30 December 1998 | Fiction, poetry

From Gården (‘The courtyard’, 1969)

The brown tablecloth hung over the edge.
I sat below there unseen in the odour of cabbage and warmth.

The sky hung on rusty hooks, the women of the courtyard shrank.
They were the only flowers the summer had.
They carried pails to the back yard where there was no sun.

Father read the newspaper, in the middle drawer of the writing table were
bills, promissory notes, pawn tickets, the rent book, everything in order.

Behind house after house the sea rocked somewhere like a patch of oil,
could be seen by glimpses if one leaned out of the attic window.
But most clearly I remember the kitchen table, it was seldom cleared.

Life, it was bottomless, it was a matter of being careful,
going out and in with one’s skin like a bruise not to be touched.
The sky was completely clear by the beating-balcony.

One had to make money, afford to live.
One had to have a room, a bed behind the kitchen
and save for a bigger one.

In the well of the building was a water as clear as a spring’s.

• • •

From Dagen vänder (‘The day turns’, 1983)

On the August veranda

The table is starting to get old, stands unsteadily
on its warped legs. Hinges give way,
lacquered surfaces crack, there’s a creaking
when someone gives the table a knock.
The evening, too, is old, smells of old leaves,
alder thickets, raspberry bushes. It’s hard
to find in the leaves that are starting to stiffen
a flower, no matter how faintly glowing,
with a forgotten smell like the summer rooms of dead generations –
a smell of old clothes, nutmeg or wood dust
behind wallpaper destroyed by damp in roughcast houses.
Something motionless, blind penetrates via thought:
now a calm with August’s twilight,
now a restless assault of images, as though a stranger
forced me to quickly leaf through some photograph album
with groups of people – rarely a landscape,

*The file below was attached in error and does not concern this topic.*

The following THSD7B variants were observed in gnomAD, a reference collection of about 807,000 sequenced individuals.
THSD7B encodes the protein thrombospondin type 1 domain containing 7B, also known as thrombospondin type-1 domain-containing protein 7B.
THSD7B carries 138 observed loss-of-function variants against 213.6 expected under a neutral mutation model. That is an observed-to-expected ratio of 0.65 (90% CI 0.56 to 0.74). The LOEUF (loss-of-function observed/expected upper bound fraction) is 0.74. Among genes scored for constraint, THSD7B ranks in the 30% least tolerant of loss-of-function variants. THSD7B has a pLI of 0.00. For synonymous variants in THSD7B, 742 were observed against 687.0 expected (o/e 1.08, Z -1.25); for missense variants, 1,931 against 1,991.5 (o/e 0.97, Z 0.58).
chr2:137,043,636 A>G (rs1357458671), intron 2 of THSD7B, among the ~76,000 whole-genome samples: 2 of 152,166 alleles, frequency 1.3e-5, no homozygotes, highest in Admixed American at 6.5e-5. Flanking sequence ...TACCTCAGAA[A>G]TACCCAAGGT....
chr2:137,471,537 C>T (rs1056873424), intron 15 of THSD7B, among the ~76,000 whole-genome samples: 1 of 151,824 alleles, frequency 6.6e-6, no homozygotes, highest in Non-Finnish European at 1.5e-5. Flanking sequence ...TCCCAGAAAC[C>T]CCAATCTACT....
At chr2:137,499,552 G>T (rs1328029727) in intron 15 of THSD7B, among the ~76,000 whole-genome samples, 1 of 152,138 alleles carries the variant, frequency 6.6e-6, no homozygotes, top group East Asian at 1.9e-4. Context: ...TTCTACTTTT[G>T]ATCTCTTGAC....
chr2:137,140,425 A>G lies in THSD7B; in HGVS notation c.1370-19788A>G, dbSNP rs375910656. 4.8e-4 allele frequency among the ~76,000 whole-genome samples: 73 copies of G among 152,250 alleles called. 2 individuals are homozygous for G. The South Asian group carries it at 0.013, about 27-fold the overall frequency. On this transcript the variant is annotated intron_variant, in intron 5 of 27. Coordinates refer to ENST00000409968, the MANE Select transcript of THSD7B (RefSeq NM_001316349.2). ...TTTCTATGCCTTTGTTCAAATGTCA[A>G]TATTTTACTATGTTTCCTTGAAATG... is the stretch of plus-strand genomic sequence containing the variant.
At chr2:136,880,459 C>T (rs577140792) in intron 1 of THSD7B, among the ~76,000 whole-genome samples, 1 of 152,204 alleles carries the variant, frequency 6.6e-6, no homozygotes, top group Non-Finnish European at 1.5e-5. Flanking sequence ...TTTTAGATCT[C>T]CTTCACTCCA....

overgrown like the landscape now,
the reeds never taller, the water strewn with pollen
and on the table the lamp with its circle of light
over the glass, the journal, the block. Everything old.
Where I sit I can see a covered path,
years growing over, silence growing over.
Someone says on the radio: ‘The Soviet Union and the USA are not states
in the proper sense, they are power blocks
that think it self-evident to own the world.’
And a bit later: ‘Finland is not a bad museum.’
Twilight falls quickly, I turn down the wick,
sit for a while and accustom my eye to the night.
Old men cling tight to their blocks, out of tiredness
and habit, and the moths knock against the lampshade’s
clumsy old map.
I sit in a not at all bad museum.
I blow out the flame. It gets dark, then grey.
Someone arrives with silent oar-strokes, puts in
by the dilapidated floating jetty, between the two blocks,
heaven and earth. A familiar, dear voice:
‘I’m going straight to bed, don’t stay up too long,
you’ll start to get cold.’ I pick up the towel,
go down to the shore, get down on my knees by the jetty,
splash my face. Silence, faint breeze,
listening repose.

• • •

From Novembercredo Dikter i urval 1946–1996
(‘Selected poems 1946–1996’)

Thirteen poems

Over there
in foreign lands
nothing but vanity
there isn’t anything
the widely travelled one
looking into the distance

Friend with the trees
friend with oneself

It peers
from the forest
from the chink in the door
the autumn crocus

The vital thread tensed
the tone sweet
breaks, suddenly

Drew out
the aching wisdom
lived happy

Ill-matched pieces
of body
to soul

Each dawn
a warning
until he believed
plunged downhill

What I fled
came back
had to seek
other ways
unfamiliar laid by stones
out towards new land

With quiet mind
silent around eye and lips
my day of shadows
my lost faithful life

Her gaze
the chill at her wrist

You who cure sorrow
cure joy
give windless bay
empty shores

Join dreams together
to a single reality
a longing

Where did you leave me
where did you hide me
even before you went away from me
in the days of early spring?
I left you
because you did not exist
neither in the spring’s, nor in the autumn’s
changing days
only when the day
was at its fairest

• • •

Translated by David McDuff


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